Norway tops UN global development ranking
Updated: 2011-11-04 08:07
By Li Lianxing (China Daily)
Children drink water from a public tap in Managua, Nicaragua, on Tuesday. Nicaragua remains one of the poorest countries in Latin America, it ranked 129th in the UNDP's Human Development Index. Elmer Martinez / Agence France-Presse
BEIJING - Norway is the best country in the world to live in, according to an annual ranking of national achievements in health, education and income released by the United Nations Development Programme (UNDP).
The UNDP released its annual report on human development - "Sustainability and Equity: A Better Future for All" - and its 2011 Human Development Index (HDI) in Copenhagen on Wednesday.
Australia, the Netherlands, the United States, New Zealand, Canada, Ireland, Liechtenstein, Germany and Sweden make up the remaining countries in the top 10.
However, when adjusted according to internal inequalities in health, education and income in the Inequality-adjusted HDI (IHDI), some of the wealthiest countries drop out of the HDI's top 20 - the US falls from 4th to 23rd, the Republic of Korea from 15th to 32nd and Israel from 17th to 25th.
"Affected by the financial crisis, the US has a constant high unemployment rate, and the gap between the rich and poor is growing," said Fan Ying, a researcher in global economics at China Foreign Affairs University.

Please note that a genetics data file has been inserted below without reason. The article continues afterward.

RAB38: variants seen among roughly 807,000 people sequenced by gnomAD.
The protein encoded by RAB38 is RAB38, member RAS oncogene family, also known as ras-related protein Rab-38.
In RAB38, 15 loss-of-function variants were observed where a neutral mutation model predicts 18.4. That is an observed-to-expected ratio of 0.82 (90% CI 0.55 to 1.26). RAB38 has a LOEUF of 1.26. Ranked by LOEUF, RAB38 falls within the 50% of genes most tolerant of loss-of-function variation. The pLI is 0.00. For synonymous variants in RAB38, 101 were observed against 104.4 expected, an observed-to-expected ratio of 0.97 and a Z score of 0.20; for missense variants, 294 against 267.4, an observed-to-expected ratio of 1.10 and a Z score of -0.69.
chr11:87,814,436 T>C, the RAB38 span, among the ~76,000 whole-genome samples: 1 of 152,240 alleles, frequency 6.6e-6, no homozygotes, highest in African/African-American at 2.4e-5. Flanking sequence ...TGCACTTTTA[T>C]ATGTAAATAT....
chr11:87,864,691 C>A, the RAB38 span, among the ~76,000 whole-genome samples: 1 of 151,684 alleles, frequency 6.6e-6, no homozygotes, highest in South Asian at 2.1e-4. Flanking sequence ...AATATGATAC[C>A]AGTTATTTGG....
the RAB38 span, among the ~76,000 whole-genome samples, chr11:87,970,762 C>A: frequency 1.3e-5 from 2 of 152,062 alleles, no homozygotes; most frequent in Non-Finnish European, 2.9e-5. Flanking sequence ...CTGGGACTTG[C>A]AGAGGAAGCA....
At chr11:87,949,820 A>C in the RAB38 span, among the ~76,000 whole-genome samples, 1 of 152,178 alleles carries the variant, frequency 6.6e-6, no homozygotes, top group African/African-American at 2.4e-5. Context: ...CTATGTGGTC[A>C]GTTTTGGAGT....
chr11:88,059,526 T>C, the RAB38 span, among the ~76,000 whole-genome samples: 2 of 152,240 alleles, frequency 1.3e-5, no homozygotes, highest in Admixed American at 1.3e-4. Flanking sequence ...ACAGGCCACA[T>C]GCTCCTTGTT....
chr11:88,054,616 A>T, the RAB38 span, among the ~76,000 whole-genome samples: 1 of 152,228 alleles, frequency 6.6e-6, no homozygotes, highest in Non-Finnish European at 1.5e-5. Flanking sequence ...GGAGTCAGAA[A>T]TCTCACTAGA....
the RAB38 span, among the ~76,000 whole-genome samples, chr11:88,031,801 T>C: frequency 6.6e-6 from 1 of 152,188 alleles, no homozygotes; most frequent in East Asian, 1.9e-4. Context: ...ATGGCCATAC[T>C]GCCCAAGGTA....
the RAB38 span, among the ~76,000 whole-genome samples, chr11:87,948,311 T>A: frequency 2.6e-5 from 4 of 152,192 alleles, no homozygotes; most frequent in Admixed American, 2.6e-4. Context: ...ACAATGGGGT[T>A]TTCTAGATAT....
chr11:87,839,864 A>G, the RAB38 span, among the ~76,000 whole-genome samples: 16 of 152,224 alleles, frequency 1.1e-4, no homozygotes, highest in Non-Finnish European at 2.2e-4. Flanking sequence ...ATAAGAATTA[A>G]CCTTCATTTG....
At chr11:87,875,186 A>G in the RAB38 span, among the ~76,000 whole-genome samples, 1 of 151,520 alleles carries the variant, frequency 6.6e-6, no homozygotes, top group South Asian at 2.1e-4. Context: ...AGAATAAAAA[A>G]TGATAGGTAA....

Environmental sustainability, health, education, income, and gender disparities are all significant factors, according to the report.
"Sustainability is not exclusively or even primarily an environmental issue, as this report so persuasively argues," UNDP chief Helen Clark said in the report's foreword.
"It is fundamentally about how we choose to live our lives, with an awareness that everything we do has consequences for the 7 billions of us here today, as well as for the billions more who will follow, for centuries to come."
The 2011 HDI covers 187 countries and regions, compared with 169 in 2010, involving many island states in the Caribbean and the Pacific. It is based on national averages in schooling, life expectancy and per capita income, and it also has complementary indexes - the IHDI, the Multidimensional Poverty Index (MPI) and the Gender Inequality Index (GII).
"The IHDI helps us assess better the levels of development for all segments of society, rather than for just the mythical 'average' person," Milorad Kovacevic, chief statistician for the Human Development Report, was quoted as saying in a UNDP news release.
"We consider health and education distribution to be just as important in this equation as income, and the data show great inequities in many countries."
The 10 countries with the lowest rankings in the 2011 HDI are all in sub-Saharan Africa, which still suffers from inadequate incomes, limited education opportunities, and life expectancy far below the global average.
The GII shows that Sweden is the best in the world in gender equality, as measured by this composite index of reproductive health, years of schooling, parliamentary representation, and participation in the labor market, according to the UNDP. In the index, China ranked 35th while the US was in 47th place.
According to the latest MPI, which is mainly focused at the family level and takes into account environmental problems, the most vulnerable suffer a double burden as they are more affected by environmental degradation and are less able to cope with its resulting threats, said Clark.
He Mengying contributed to this story.
(China Daily 11/04/2011 page10)